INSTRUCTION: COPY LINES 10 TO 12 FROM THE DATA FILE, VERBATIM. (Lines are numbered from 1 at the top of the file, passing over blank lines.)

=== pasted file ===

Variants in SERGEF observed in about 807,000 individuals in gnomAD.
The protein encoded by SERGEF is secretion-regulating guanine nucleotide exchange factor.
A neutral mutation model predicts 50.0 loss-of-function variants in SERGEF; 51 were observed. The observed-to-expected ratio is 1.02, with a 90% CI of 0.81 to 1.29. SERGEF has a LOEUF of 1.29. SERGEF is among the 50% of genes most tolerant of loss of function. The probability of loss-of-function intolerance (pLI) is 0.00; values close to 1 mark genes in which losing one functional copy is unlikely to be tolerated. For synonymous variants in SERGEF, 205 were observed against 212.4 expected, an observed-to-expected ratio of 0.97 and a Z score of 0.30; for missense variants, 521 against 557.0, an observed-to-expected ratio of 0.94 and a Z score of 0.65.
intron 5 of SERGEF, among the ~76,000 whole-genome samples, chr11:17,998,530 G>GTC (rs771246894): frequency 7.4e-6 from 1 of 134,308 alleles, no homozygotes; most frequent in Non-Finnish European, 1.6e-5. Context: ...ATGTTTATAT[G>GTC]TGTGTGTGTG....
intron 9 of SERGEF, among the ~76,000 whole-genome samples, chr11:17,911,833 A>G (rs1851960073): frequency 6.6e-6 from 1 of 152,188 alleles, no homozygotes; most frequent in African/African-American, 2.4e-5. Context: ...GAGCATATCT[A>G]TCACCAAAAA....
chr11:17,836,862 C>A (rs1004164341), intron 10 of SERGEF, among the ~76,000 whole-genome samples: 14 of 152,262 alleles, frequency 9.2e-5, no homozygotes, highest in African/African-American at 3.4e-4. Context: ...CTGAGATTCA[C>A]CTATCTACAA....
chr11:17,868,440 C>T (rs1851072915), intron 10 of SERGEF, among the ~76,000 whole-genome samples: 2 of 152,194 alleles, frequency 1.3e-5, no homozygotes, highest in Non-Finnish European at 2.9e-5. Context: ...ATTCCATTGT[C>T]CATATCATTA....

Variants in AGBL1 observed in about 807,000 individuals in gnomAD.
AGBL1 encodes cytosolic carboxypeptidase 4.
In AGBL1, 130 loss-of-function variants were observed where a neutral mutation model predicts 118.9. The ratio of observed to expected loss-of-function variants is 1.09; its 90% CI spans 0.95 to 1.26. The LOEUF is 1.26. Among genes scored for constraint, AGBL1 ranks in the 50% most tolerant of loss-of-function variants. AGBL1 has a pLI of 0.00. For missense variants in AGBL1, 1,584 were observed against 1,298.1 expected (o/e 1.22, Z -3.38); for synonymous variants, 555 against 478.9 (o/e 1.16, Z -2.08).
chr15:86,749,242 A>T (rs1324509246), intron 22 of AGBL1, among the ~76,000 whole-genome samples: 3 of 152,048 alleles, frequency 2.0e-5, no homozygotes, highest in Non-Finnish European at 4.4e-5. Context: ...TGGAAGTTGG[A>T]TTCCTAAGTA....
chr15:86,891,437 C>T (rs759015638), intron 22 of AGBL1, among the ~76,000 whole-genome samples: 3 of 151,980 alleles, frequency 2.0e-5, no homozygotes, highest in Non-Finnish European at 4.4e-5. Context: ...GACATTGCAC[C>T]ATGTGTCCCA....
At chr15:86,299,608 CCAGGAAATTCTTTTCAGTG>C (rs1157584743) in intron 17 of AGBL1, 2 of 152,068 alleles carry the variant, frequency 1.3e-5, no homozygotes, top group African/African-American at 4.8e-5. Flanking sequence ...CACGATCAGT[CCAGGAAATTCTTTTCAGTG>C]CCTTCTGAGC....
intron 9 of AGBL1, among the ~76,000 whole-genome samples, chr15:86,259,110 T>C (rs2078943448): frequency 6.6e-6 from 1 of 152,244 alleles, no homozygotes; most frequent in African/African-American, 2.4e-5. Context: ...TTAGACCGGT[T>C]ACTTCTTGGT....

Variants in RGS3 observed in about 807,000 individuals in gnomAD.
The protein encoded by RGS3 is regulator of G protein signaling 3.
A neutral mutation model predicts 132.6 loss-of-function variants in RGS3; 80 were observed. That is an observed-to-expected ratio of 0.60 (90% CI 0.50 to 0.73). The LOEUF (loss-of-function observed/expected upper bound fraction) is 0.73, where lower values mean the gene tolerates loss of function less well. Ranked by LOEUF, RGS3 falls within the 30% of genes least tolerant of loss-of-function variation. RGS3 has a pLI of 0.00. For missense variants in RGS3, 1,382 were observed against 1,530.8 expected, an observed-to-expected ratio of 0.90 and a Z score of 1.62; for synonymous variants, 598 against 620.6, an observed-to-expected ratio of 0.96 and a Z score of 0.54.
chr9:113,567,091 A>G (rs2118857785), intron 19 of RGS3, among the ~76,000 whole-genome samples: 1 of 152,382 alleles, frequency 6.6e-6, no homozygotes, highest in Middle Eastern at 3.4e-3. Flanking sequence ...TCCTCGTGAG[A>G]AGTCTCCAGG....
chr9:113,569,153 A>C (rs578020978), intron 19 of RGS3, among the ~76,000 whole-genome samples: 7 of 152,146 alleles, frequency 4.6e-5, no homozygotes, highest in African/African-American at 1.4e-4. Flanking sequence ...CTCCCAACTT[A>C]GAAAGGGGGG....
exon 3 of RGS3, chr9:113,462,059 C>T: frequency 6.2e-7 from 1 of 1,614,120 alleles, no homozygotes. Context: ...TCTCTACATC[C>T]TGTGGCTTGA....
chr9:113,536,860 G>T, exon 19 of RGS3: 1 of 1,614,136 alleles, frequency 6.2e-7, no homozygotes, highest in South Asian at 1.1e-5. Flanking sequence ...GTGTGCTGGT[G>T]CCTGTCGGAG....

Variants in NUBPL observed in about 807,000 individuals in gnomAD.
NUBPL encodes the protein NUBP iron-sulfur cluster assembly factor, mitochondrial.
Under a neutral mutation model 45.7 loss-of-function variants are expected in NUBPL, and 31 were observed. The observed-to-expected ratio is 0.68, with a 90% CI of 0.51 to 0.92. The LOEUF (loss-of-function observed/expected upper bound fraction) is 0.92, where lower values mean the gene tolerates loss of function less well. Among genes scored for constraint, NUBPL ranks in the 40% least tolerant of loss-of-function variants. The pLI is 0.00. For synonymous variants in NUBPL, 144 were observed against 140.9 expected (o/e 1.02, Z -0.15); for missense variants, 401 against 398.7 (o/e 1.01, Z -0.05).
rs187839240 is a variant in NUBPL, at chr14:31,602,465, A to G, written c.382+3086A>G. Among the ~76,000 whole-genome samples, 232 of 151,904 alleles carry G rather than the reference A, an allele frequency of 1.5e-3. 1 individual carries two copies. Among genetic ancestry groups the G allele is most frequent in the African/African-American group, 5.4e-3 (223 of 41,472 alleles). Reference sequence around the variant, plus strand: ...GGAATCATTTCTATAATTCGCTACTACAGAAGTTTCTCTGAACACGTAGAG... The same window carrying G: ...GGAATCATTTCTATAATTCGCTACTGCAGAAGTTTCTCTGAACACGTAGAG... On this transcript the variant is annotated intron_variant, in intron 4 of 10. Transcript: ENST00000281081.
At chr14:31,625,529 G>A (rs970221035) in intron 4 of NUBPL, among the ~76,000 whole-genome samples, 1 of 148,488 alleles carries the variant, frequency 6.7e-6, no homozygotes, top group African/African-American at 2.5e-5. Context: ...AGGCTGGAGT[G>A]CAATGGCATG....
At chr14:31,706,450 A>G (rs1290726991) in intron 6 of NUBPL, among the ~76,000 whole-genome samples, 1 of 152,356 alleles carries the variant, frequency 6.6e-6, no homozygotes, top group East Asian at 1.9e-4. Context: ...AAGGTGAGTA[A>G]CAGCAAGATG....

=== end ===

In AGBL1, 130 loss-of-function variants were observed where a neutral mutation model predicts 118.9. The ratio of observed to expected loss-of-function variants is 1.09; its 90% CI spans 0.95 to 1.26. The LOEUF is 1.26. Among genes scored for constraint, AGBL1 ranks in the 50% most tolerant of loss-of-function variants. AGBL1 has a pLI of 0.00. For missense variants in AGBL1, 1,584 were observed against 1,298.1 expected (o/e 1.22, Z -3.38); for synonymous variants, 555 against 478.9 (o/e 1.16, Z -2.08).
chr15:86,749,242 A>T (rs1324509246), intron 22 of AGBL1, among the ~76,000 whole-genome samples: 3 of 152,048 alleles, frequency 2.0e-5, no homozygotes, highest in Non-Finnish European at 4.4e-5. Context: ...TGGAAGTTGG[A>T]TTCCTAAGTA....
chr15:86,891,437 C>T (rs759015638), intron 22 of AGBL1, among the ~76,000 whole-genome samples: 3 of 151,980 alleles, frequency 2.0e-5, no homozygotes, highest in Non-Finnish European at 4.4e-5. Context: ...GACATTGCAC[C>T]ATGTGTCCCA....